* First half will be two 12-minute quarters with normal clock stoppages.
* Second half will have two 15-minute quarters with running time.
* No play clock.
* Clock stoppages for injuries and timeouts. (Each team will get three time outs.)

Kelly estimated that last year the Irish ran roughly 30-plus plays while the second half averaged 19 plays per quarter. So look for something similar on Saturday.



The offensive players will wear blue while defense will wear white. That includes quarterbacks Everett Golson and Malik Zaire, who last year wore red with the rest of the quarterback depth chart.

(It will not include defensive tackles Jarron Jones and Sheldon Day, who hoped to get action in the “Irish Chocolate goal line package.” Kelly killed those dreams this morning.)



* Each possession begins on the 35-yard line.
* No kickoffs.
* All punts will be fair caught. (There’s a John Goodman joke here somewhere.)
* No overtime.




Touchdown: 6 points
Extra Point: 1 point
2-point Conversion: 2 points
Field Goal: 3 points
Big Chunk Pass (25+ yards): 2 points
Big Chunk Run (20+ yards): 2 points



Touchdown: 6 points
Turnover Forced Before 50-yard line: 4 points
Turnover Forced After 50-yard line: 2 points
Defensive Stop Before 50-yard line: 2 points
Defensive Stop After 50-yard line: 1 points
Safety: 2 points
Sack: 1 point


Quarterbacks will be live during Blue-Gold game

Franklin American Mortgage Music City Bowl

With Notre Dame Stadium under construction, this was already going to be a different kind of Blue-Gold game. But when Brian Kelly announced that quarterbacks Everett Golson and Malik Zaire were going to be live for the first half, he confirmed it.

Amidst a quarterback competition that’s been the story of spring practice, Kelly announced that the competition will continue with live snaps for both quarterbacks during Saturday’s Blue-Gold game. It’s another reason to tune-in and watch the spring game, broadcast live Saturday at 12:30 p.m. EST on NBCSN.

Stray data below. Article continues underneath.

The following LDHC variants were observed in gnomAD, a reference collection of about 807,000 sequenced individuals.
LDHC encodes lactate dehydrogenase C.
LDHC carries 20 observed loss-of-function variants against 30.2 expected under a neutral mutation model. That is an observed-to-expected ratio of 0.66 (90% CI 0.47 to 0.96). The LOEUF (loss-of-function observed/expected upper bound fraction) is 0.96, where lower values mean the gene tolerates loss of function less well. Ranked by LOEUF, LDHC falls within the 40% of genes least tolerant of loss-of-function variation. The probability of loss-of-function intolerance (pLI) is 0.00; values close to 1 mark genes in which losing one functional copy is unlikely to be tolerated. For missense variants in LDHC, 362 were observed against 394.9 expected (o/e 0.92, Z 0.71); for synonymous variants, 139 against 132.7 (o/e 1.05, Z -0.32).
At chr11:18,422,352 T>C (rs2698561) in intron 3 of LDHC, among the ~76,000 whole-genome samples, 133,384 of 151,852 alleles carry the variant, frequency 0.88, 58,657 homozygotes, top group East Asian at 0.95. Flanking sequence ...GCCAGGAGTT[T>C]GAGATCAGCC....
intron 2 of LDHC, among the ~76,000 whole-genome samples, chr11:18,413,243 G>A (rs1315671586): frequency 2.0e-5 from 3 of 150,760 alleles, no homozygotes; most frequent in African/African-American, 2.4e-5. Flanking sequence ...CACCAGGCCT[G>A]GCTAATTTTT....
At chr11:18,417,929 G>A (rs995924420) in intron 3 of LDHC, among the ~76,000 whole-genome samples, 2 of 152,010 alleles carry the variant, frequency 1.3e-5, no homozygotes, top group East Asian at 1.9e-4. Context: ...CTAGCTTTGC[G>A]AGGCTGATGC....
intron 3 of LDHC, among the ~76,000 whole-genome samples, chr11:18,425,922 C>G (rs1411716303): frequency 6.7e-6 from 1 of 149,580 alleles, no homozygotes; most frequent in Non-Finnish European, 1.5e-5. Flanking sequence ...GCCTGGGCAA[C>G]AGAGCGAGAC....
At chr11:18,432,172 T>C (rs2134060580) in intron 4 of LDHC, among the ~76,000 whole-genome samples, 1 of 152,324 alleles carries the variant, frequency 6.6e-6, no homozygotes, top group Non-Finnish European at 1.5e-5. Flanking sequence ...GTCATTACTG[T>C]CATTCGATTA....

“The quarterbacks will be live in the first half,” Kelly said after Wednesday’s practice. “So Everett and Malik will get a chance to really show themselves and be involved with everything within our game plan and compete.”

After years of having the quarterbacks in red jerseys, seeing teammates go after their own quarterback will be a different experience. While Kelly said the refs will have a “quick whistle,” getting a look at Brian VanGorder’s defense going after Golson and Zaire will be fun to watch.

It’ll also be a necessity for the coaching staff, who continue to evaluate the play of both quarterbacks as an interesting spring comes to a close. Kelly talked about the decision to keep his quarterbacks live, acknowledging that each guy needs the full-go aspects of the game to show his progress under live conditions.

“Both of them are guys that require that element in their game,” Kelly said. “Both of those guys need to be who they are, and that’s who they are. They’re guys that need to move in the pocket, they make plays with their feet and we want to be able to run the ball as well.”

While most have focused on the competition between the quarterbacks, Kelly opened up about how the coaching staff used the spring to advance the skill-sets of each signal caller. So while most thought Golson’s extensive playing experience likely gave him a head start on the starting job for 2015, Kelly talked about the different lenses they’re using to evaluate their quarterbacks.

“For us, it’s been working on what we perceive to be what their weaknesses were, not necessarily game experience, because you can’t duplicate game experience,” Kelly said. “We know what they look like when they win the game.

“For Everett, it’s been pocket presence and taking care of the football, so we’re really evaluating him on those things. For Malik, it’s accuracy and throwing the football and managing the offense. Our evaluation has not been about the game experience, because we’ve seen them both play and we know how they react in the game. So it’s really been about evaluating them on those criteria.”

On Saturday, we’ll get our longest look at the two quarterbacks up for the job. After Zaire outplayed Golson in last year’s spring game—though facing very different defensive play calls and while wearing red jerseys—it’ll be interesting to see how things shake out on Saturday.